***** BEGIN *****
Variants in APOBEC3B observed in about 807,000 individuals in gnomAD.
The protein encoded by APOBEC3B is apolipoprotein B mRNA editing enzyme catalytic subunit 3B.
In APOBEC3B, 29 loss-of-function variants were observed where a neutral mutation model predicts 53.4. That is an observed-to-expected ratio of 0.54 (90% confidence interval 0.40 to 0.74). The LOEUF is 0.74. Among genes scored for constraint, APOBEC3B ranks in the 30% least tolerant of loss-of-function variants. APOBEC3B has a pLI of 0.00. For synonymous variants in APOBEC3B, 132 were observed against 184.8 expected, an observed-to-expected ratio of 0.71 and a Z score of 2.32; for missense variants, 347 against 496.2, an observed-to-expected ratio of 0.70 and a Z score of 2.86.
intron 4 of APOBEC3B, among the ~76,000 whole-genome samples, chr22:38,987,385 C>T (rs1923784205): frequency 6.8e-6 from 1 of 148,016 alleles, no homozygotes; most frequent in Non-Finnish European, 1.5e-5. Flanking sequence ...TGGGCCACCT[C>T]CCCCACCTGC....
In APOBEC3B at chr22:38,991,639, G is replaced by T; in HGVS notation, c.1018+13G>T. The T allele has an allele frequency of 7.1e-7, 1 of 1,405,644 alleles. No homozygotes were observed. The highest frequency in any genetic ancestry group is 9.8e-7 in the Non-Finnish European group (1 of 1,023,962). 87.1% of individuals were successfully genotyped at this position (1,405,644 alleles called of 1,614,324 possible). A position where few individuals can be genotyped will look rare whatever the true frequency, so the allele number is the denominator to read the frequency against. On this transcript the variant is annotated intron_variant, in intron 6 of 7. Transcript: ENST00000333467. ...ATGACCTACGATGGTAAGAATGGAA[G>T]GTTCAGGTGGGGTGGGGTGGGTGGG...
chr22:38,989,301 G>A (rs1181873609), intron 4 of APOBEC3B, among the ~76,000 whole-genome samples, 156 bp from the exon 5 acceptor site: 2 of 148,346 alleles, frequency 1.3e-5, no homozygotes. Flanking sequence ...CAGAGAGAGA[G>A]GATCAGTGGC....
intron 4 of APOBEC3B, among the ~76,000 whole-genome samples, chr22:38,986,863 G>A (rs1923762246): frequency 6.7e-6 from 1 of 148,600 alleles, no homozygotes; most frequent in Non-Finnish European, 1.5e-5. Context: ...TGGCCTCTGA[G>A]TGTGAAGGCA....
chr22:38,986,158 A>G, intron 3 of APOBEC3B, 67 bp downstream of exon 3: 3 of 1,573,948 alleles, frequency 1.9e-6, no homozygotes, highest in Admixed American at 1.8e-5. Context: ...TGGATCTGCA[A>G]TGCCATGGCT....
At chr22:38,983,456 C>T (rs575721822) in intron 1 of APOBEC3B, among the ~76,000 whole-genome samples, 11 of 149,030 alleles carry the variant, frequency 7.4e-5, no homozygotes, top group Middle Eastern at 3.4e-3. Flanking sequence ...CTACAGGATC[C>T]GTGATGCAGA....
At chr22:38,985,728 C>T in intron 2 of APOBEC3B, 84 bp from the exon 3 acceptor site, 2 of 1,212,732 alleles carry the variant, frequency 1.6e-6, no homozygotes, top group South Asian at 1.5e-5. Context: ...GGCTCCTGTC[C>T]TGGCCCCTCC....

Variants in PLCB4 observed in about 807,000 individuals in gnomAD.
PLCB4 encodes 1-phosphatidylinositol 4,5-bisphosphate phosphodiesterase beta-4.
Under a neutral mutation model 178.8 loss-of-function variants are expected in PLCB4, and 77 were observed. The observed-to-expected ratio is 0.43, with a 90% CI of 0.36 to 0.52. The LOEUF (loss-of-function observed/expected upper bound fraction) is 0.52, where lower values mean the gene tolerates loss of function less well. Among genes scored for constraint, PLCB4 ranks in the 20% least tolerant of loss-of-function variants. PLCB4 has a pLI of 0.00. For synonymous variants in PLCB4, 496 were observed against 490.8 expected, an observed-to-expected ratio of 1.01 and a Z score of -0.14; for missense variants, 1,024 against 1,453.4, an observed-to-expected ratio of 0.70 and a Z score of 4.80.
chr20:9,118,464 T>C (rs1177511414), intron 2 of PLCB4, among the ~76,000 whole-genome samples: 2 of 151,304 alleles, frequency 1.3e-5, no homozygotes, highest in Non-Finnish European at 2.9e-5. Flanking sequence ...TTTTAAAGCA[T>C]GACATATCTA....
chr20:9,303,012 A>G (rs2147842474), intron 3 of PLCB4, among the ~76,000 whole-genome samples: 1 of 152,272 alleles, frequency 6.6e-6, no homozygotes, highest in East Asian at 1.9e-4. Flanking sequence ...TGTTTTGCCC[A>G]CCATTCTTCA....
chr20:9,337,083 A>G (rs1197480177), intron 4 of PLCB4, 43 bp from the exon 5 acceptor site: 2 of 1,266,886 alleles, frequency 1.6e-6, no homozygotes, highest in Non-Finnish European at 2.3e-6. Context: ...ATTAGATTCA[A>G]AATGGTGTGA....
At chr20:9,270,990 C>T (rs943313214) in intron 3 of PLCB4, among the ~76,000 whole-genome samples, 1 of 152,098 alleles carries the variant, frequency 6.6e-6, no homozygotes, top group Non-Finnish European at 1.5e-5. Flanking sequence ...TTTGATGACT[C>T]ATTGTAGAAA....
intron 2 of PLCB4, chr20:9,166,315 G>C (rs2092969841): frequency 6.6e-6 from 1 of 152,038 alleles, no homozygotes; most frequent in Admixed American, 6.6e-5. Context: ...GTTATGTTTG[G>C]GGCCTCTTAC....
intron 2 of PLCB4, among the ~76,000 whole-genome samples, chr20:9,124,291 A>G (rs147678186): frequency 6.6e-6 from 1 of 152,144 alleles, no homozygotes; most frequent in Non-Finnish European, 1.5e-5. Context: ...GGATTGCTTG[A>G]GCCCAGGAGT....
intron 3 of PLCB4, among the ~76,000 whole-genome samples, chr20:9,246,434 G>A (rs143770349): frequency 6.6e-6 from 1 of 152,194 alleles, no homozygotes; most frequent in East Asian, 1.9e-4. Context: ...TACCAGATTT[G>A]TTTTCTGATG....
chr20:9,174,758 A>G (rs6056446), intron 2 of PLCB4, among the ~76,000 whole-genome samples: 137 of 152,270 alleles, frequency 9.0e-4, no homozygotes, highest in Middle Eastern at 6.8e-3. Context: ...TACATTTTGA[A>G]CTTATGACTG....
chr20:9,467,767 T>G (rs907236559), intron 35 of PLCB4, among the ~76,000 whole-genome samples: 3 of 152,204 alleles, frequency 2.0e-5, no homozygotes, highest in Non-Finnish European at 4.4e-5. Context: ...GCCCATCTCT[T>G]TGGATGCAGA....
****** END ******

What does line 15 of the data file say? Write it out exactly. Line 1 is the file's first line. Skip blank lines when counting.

chr20:9,303,012 A>G (rs2147842474), intron 3 of PLCB4, among the ~76,000 whole-genome samples: 1 of 152,272 alleles, frequency 6.6e-6, no homozygotes, highest in East Asian at 1.9e-4. Flanking sequence ...TGTTTTGCCC[A>G]CCATTCTTCA....